By Hans Christian Andersen
There was an old country-house which
belonged to young, wealthy people. They had
riches and blessings, they liked to enjoy
themselves, but they did good as well, they
wished to make everybody as happy as they
On Christmas Eve a beautifully decorated
Christmas-tree stood in the old hall, where
the fire burned in the chimney, and fir
branches were hung round the old pictures.
Here were assembled the family and their
guests, and there was dancing and singing.
Earlier in the evening there had been
Christmas gaiety in the servants' hall. Here
also was a great fir-tree with red and white
candles, small Danish flags, swans and
fishing-nets, cut out of coloured paper, and
filled with ' goodies '. The poor children
from the neighbourhood were
invited, every one had his mother with him.
The mothers did not look much at the
Christmas-tree, but at the Christmas table,
where there lay linen and woollen cloth
stuff for gowns and stuff for trousers. They
and the bigger children looked there, only
the very little ones stretched out their
hands to the candles, and the tinsel and
The whole party came early in the afternoon
and got Christmas porridge and roast goose
with red cabbage. Then when the
Christmas-tree was seen and the gifts
distributed, each got a little glass of
punch with apple fritters. Then they went
back to their own poor homes and talked of
the good living, that is to say good things
to eat ; and the gifts were once more
inspected. There were now Garden Kirsten and
Garden Ole. They were married, and had their
house and daily bread for weeding and
digging in the garden of the big house.
Every Christmas festival they got a good
share of the gifts ; they had five children,
and all of them were clothed by the family.
' They are generous people, our master and
mistress ! ' said they, ' but they have the
means to be so, and they have pleasure in
' Here are good clothes for the four
children to wear,' said Ole ; ' but why is
there nothing for the "cripple " ? They used
to think about him too, although he was not
at the festival.
It was the eldest of the children they
called ' The Cripple ', he was called Hans
As a little boy, he was the smartest and
liveliest child, but he became all at once '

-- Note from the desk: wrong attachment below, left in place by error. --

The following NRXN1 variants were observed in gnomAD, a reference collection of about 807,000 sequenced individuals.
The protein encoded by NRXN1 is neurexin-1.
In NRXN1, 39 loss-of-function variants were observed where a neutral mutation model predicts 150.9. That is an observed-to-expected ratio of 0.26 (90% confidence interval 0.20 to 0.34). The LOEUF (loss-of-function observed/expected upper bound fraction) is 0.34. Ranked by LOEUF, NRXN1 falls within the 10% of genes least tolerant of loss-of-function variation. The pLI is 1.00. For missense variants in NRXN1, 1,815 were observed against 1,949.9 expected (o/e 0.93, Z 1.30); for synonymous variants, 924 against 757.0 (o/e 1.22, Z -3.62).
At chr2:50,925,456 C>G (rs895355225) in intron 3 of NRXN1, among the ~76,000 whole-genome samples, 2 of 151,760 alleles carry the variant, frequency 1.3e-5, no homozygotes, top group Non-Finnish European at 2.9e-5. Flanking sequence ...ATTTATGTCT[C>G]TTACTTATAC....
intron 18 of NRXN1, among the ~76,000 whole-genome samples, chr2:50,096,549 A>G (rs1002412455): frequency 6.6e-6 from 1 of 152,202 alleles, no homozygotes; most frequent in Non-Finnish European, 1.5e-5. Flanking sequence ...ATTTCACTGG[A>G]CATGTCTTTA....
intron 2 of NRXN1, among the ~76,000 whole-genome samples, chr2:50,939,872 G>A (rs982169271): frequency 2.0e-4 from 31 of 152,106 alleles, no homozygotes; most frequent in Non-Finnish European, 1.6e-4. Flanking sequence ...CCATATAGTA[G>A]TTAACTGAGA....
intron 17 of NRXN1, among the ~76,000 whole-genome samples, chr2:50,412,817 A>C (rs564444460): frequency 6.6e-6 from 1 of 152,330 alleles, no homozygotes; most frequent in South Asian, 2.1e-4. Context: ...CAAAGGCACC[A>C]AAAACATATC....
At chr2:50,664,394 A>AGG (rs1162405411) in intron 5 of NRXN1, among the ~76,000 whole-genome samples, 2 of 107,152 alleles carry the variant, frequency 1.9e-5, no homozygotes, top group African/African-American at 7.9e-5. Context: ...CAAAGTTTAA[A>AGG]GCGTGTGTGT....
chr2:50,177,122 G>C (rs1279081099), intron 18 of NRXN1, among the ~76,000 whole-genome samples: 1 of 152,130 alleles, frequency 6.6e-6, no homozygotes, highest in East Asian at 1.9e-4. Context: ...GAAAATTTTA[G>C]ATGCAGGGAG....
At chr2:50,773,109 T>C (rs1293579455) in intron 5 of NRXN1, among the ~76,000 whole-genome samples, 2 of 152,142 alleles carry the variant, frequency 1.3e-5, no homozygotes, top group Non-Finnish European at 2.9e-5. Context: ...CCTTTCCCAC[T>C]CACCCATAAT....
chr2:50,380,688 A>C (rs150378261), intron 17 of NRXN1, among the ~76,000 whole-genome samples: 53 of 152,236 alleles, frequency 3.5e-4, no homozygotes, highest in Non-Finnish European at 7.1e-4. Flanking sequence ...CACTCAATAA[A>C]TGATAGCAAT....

loose in the le'gs ', as they call it, he
could neither walk nor stand, and now he had
been lying in bed for five years.
' Yes, I got something for him too,' said
the mother, ' but it is nothing much, it is
only a book to read.'
' He won't get fat on that,' said the father.
But Hans was glad of it. He was a very
clever boy who liked to read, but used his
time also for working, so far as one who
must always lie in bed could be useful. He
was very handy, and knitted woollen
stockings, and even bedcovers. The lady at
the big house had praised and bought them.
It was a story-book Hans had got ; in it
there was much to read and much to think
'It is not of any kind of use here in the
house,' said his parents, ' but let him read,
it passes the time, he cannot always be
knitting stockings ! '
The spring came ; flowers and green leaves
began to sprout the weeds also, as one may
call the nettles, although the psalm speaks
so nicely of them :
Though kings in all their power and might
Came forth in splendid row,
They could not make the smallest leaf
Upon a nettle grow.
There was much to do in the garden, not only
for the gardener and his apprentice, but
also for Kirsten and Ole.
' It is perfect drudgery,' said they. ' We
have no sooner raked the paths and made them
nice, than they are just trodden down again.
There is such a run of visitors up at the
house. How much it must cost ! But the
family are rich people ! '
' Things are badly divided,' said Ole ; '
the priest says we are all our Father's
children, why the difference then ? '
' It comes from the Fall ! ' said Kirsten.
They talked about it again in the evening,
where cripple Hans lay with his story-book.
Straitened circumstances, work, and drudgery,
had made the parents not only hard in the
hands, but also in their opinions and
judgements ; they could not grasp it, could
not explain it, and made themselves more
peevish and angry as they talked.
' Some people get prosperity and happiness,
others only poverty ! Why should our first